Online Proctoring and Privacy – The Much-Needed Conversation
By Rajeev Menon, Strategic Advisor at Talview
Originally published on the Talview Blog
The world of EdTech is buzzing with the uptick of online learning and an increasing intent to adopt remotely delivered assessments. Given that the coverage of remote proctored exams was much lower compared to eLearning so far, the former is turning out to be a massive change that needs getting used to. The change towards remote assessments has been accelerated inarguably by the emergence of COVID-19 and the subsequent uncertainty of exam administration in the traditional format. Video proctored remote exams are proving to be the only viable solution at this point.
Lots has been written about the features and benefits of various types of video proctoring tools available to users. Automated, manual, and hybrid methodologies are the various types of remote proctoring being spoken of and deployed, and the advantages vary from increased flexibility and bias removal to lower costs, disability & inclusion-friendliness, and minimized error rates. Technology is moving rapidly and making it easier for exam stakeholders to adopt remote proctoring, overcoming many apprehensions that are a natural part of any change.
Despite the obvious advantages, there seems to be an inertia in some quarters, to transition to this mode of exams. There are multiple reasons for this:
- Access: Bandwidth and infrastructure concerns
- Reliability of remote proctoring solutions in preventing exam fraud
- Exam content changes: To move from pen-paper to online (especially non-admissions exams)
- Privacy and intrusion concerns
- Exam content leakages
While a mix of technology, process, and redesign is helping overcome these obstacles, this article will cover apprehensions around Privacy and Intrusion.
Privacy and Intrusion in Video Proctored Exams
One of the major apprehensions around implementing a remote proctoring solution in recent times has been the concerns being raised by test-takers around privacy and intrusion. As mentioned earlier, remote proctoring involves using a video stream from the test machine, that is either analyzed using video analytics to identify unacceptable behavior, or a human proctor views or reviews the video to identify misdemeanor and take appropriate action.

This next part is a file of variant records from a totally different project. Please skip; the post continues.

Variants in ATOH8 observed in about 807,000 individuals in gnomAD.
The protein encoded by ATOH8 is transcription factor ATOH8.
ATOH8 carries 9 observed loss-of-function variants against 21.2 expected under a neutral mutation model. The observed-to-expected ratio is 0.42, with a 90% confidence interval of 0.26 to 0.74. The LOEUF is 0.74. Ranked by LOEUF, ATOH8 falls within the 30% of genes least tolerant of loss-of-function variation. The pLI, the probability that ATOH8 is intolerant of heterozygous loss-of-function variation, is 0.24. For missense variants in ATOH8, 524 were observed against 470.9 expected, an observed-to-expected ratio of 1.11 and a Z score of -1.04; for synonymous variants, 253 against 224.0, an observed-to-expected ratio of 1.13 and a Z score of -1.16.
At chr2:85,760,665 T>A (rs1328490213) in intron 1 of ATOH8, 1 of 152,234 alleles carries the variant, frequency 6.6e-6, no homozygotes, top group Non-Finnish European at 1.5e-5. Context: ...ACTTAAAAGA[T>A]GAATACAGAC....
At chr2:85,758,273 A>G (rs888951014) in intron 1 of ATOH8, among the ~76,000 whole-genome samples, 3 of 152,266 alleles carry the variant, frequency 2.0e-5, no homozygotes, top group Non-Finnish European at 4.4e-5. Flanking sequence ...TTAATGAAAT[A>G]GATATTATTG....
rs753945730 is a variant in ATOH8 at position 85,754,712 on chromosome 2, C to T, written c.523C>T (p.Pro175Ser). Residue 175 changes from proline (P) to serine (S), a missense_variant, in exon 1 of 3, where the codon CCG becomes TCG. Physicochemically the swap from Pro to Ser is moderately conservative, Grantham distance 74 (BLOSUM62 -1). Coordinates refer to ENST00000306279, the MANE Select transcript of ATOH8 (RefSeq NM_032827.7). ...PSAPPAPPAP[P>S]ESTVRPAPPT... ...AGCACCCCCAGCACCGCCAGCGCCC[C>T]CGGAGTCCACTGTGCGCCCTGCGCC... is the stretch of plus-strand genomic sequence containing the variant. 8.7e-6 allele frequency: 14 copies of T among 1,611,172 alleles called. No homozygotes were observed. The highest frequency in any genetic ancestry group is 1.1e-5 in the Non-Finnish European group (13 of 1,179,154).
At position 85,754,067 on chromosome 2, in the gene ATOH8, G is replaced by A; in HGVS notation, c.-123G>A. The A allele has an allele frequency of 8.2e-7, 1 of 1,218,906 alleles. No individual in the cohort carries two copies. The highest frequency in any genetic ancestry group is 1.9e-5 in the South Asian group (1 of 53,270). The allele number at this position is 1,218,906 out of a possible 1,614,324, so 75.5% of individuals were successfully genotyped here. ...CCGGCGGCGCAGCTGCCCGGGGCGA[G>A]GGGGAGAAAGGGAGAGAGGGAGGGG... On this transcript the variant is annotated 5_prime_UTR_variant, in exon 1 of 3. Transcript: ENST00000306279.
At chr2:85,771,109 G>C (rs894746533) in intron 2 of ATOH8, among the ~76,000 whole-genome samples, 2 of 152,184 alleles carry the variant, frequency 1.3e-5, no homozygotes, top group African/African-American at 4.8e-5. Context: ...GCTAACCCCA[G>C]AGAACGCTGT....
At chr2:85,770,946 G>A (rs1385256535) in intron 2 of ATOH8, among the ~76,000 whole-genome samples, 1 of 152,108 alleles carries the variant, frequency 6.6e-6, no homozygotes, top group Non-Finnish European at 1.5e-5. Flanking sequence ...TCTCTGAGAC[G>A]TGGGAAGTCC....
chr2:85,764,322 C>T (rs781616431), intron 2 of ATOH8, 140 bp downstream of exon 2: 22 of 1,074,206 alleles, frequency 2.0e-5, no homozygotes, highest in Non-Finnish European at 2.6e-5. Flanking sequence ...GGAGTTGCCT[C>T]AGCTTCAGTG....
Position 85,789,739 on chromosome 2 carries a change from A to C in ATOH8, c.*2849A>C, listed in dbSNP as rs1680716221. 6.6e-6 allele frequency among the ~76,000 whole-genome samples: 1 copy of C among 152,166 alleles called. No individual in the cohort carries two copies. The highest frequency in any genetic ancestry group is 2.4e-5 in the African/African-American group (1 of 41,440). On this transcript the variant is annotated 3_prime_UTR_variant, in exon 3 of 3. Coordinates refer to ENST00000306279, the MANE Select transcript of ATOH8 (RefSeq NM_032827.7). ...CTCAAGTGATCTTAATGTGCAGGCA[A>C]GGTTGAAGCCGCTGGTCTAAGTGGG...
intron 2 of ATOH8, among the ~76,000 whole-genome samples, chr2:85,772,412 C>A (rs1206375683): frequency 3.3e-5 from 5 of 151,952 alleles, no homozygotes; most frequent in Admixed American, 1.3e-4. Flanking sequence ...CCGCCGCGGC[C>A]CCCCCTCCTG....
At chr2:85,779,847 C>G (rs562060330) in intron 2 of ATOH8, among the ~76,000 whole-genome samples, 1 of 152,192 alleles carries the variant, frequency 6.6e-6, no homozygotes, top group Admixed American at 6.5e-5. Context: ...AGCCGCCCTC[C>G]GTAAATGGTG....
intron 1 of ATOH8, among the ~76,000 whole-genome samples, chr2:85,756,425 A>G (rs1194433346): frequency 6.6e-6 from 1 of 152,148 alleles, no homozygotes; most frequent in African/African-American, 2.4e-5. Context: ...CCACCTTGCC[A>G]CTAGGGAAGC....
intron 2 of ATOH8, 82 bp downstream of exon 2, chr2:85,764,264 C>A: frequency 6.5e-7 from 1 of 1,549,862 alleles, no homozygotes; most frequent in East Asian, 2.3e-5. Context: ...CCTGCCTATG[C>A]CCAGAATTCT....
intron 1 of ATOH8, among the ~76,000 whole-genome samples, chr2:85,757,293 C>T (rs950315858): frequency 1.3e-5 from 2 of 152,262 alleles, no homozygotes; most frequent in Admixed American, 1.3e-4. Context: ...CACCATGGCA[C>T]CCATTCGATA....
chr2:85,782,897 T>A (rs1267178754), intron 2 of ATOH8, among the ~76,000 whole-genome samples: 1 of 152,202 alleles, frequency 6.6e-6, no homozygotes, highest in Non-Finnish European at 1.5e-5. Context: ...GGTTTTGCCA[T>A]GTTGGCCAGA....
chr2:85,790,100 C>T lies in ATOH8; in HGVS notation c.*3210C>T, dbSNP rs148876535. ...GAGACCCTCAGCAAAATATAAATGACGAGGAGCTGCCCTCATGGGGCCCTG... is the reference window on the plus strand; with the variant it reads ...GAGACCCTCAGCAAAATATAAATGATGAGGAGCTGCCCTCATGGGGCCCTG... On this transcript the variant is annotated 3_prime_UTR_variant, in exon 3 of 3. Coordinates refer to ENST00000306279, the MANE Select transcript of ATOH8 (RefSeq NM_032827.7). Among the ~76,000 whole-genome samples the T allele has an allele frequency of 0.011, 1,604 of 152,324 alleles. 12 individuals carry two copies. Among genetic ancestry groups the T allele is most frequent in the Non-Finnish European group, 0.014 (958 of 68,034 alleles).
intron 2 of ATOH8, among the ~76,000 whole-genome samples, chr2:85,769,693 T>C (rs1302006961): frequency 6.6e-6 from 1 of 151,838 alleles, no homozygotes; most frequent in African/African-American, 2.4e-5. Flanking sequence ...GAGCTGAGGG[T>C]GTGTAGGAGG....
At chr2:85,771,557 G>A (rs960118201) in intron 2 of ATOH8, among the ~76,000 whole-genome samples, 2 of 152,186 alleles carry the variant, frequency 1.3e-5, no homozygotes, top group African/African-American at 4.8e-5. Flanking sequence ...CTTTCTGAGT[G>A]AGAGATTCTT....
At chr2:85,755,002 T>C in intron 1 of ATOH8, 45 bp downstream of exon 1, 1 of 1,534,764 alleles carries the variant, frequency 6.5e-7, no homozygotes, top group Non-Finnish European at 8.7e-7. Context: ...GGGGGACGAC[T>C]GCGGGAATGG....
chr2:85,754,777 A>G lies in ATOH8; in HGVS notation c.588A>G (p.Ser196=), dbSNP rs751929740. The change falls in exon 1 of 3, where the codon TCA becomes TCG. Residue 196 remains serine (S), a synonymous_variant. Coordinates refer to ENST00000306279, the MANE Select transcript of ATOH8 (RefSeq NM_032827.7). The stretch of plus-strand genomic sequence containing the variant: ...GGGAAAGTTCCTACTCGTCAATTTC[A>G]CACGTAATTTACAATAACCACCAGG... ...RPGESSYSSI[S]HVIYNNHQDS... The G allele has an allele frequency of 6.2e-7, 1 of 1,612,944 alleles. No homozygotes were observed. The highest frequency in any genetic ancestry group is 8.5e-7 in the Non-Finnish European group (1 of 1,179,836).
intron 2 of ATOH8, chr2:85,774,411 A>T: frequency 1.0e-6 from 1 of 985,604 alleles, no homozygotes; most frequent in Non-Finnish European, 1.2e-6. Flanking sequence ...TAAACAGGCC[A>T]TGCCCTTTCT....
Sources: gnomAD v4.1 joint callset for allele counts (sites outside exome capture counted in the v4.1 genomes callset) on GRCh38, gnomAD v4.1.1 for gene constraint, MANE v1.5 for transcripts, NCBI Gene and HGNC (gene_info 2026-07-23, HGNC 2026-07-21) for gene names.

In addition to continuously viewing the test-taker, many proctoring tools also monitor the candidate test system to ensure that candidate has no access to non-permissible resources on the system itself or the internet.
All this leads to possibly a few scenarios of intrusion:
- Proctor being able to view the environment the test-taker is in, which is quite often a private space.
- Candidate finding the video of the proctor looking continuously at them, which can be disconcerting.
- The proctoring tool getting access to the system of the test-taker and a heightened apprehension of access to private/confidential info on the computer.
Fortunately, each of these scenarios can easily be handled by the sensitive design of the proctoring implementation. The following points should be considered strongly while implementing a proctoring tool:
- Knowledge and Awareness: Ensure that the test-taker is kept fully aware of the kind of space the test should be taken in. Ideally, the test-taker should be seated with his/her back to a wall so that there is no need for the proctor to have access to view the space behind the candidate. The rest of the space is typically seen once during the 360-degree check at the start of the test. Subsequent misconducts, if any, can be spotted by an AI-based auto proctoring tool inbuilt into the Live proctoring platform. The process should be such that the proctor needs to access the candidates’ screen and view it in detail only when the software triggers a flag. This will require that the AI proctor is advanced enough to identify a wide range of suspicious activities.
- Process Optimization: Restricting proctor interaction with the candidate through a one-way chat is a good practice to remove the candidates’ apprehension about seeing the video of a human viewing them from the computer screen.
- No downloads: There should be no requirement for a test taker to download any new software or apps on her/his test machine. Well-designed and test-taker-sensitive proctoring platforms can provide all the features of secure proctoring without requiring the test-taker to download possibly intrusive applications. This can be achieved through an optimized combination of technology and monitoring/review processes.
The benefits of remote online proctoring are rather significant. Beyond the undeniable benefits of flexibility, comfort, lower costs, scalability, and candidate experience, remote proctoring can transform examinations as a component of effective learning. The world of learning is moving exponentially faster than ever in adopting exams from home and ending all apprehensions around privacy and security is the foremost responsibility of the exam body. Technology and maturing processes today allow that to be easily accomplished, fortunately.
In conclusion, the benefits of remote exams are massive and game-changing towards the core idea of learning outcome improvement and democratization, but the concerns that have arisen on its implementation can also be handled well using the right mix of technology and process design.